Yet a higher mountain, and in each city it craved
                                                Yet a bigger city, and still does
                                                Reach for the cherries in the tree top
                                                As elated as it still is today
                                                Was shy in front of strangers, and still is
                                                It waited for the first snow, and still waits that way

                                                It waited restlessly each day for the return of the loved one
                                                And still waits that way

                                                It hurled a stick like a lance into a tree
                                                And its still quivering there today

                                                The child, the child was a child
                                                Was a child, was a child, was a child, was a child
                                                Child, child, child
                                                When the child, when the child, when the child
                                                When the child, when the child
                                                The child, child, child, child, child

                                                                                                            --Peter Handke

                                                (recorded by Van Morrison on PHILOSOPHER STONE)

 

 

December 18, 2009

                                                Tilt-a-Whirling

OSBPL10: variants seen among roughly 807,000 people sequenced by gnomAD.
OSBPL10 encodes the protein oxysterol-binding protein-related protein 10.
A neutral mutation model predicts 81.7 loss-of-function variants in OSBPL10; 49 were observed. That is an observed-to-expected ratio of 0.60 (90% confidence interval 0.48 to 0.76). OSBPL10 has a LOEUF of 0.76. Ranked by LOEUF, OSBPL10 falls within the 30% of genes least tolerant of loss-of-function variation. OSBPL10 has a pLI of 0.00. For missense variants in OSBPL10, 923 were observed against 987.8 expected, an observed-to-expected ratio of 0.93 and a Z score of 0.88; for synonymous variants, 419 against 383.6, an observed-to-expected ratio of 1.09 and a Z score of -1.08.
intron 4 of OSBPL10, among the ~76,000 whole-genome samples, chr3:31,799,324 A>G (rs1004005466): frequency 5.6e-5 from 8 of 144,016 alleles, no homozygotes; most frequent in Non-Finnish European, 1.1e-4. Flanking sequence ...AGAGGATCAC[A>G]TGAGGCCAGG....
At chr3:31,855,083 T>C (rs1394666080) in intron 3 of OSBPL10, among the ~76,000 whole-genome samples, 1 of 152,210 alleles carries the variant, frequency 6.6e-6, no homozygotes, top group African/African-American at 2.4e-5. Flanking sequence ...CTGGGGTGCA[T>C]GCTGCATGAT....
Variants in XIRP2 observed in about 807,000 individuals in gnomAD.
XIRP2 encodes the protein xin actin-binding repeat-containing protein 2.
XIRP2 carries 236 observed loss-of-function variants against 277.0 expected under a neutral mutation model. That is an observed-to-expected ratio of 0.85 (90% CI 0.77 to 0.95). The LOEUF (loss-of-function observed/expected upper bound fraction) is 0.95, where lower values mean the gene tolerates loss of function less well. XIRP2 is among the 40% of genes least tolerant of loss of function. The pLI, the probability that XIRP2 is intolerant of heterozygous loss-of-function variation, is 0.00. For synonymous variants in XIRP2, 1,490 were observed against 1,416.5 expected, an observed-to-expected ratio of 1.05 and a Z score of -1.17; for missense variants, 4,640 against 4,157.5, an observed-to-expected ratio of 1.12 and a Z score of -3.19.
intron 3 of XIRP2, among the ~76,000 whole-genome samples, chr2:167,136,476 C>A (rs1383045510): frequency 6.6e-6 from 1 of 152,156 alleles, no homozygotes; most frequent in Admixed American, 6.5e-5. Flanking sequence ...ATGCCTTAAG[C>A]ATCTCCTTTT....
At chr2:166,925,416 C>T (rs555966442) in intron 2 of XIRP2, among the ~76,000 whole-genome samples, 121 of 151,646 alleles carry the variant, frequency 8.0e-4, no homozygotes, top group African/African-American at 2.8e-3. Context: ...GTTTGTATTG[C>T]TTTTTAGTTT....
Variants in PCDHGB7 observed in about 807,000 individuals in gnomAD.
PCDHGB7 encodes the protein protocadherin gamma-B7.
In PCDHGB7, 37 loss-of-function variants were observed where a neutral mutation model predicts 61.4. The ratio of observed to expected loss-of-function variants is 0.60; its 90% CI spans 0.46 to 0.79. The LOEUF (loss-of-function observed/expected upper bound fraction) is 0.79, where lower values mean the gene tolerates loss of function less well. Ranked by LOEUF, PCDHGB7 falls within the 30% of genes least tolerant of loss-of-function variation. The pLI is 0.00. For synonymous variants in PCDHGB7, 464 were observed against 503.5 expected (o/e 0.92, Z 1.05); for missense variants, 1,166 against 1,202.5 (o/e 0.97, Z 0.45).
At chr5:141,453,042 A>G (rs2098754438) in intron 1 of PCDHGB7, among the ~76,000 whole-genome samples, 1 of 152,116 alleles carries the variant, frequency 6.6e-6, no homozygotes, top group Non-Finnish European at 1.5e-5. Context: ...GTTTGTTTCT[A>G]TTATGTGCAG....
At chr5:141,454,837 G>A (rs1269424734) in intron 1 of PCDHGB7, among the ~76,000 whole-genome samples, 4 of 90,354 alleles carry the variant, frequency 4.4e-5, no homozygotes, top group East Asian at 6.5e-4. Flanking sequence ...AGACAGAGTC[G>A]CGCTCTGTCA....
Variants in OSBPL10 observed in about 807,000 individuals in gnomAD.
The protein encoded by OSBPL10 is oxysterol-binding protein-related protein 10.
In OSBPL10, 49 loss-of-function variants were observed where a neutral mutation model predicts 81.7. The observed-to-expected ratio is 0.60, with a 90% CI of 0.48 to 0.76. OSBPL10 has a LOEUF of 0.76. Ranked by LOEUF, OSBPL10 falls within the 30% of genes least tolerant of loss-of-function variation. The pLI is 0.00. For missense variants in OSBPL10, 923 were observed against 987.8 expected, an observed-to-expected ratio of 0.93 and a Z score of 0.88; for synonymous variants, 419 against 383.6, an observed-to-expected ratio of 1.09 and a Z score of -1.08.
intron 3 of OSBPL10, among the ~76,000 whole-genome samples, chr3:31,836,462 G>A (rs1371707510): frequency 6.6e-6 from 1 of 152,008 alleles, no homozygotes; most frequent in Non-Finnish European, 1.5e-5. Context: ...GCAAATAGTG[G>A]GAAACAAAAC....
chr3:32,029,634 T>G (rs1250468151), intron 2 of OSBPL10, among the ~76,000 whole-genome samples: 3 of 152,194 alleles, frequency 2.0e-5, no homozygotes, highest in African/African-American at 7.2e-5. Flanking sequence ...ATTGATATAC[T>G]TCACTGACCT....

Oh, twirling girly, tell me,
                                                how did we get here,
                                                holding onto the edge
                                                of a pink teacup swizzing
                                                under a cantaloupe moon?

                                                The lights--green, yellow, and gumball blue--
                                                twist round my neck like birthday streamers.
                                                Mommy, mommy, you whisper,
                                                I'm feeling kinda hectic inside,
                                                touch your ten fingertips to mine,
                                                I don't want to die.

                                                Oh, love,
                                                I think you're sitting on my cotton candy,
                                                pillow against me, then, and, if you must,
                                                please, please, please, into my cold hand,
                                                press your salt lake palms.
                                                Your clenched neck pinching my cradling elbow,
                                                jalapeno juice blinding your tilting eyes,
                                                you loved me before, do you love me now?

                                                I didn't think the end would be like this--
                                                running shrieking circles
                                                around each other like beauty contestants
                                                in the breakneck of fancy holiday lights,
                                                two blue lovers in a heavy cup.
 

                                                                        --Melissa Huseman

                                                (published in  NORTHWEST REVIEW)

 

  

December 17, 2009

                                                The Wiser Buds' Toads
 

                                                Summer of '64 my brother and I jumped our window
                                                to meet up with Doug La Fleur five midnights running.
                                                With flashlights gripped tight we were gunning
                                                to flush out them toads--since Doug had found two
                                                in his mother's flower bed, we had to find four more
                                                between our mom's snapdragons and roses.

                                                That December Mike and I moved to a house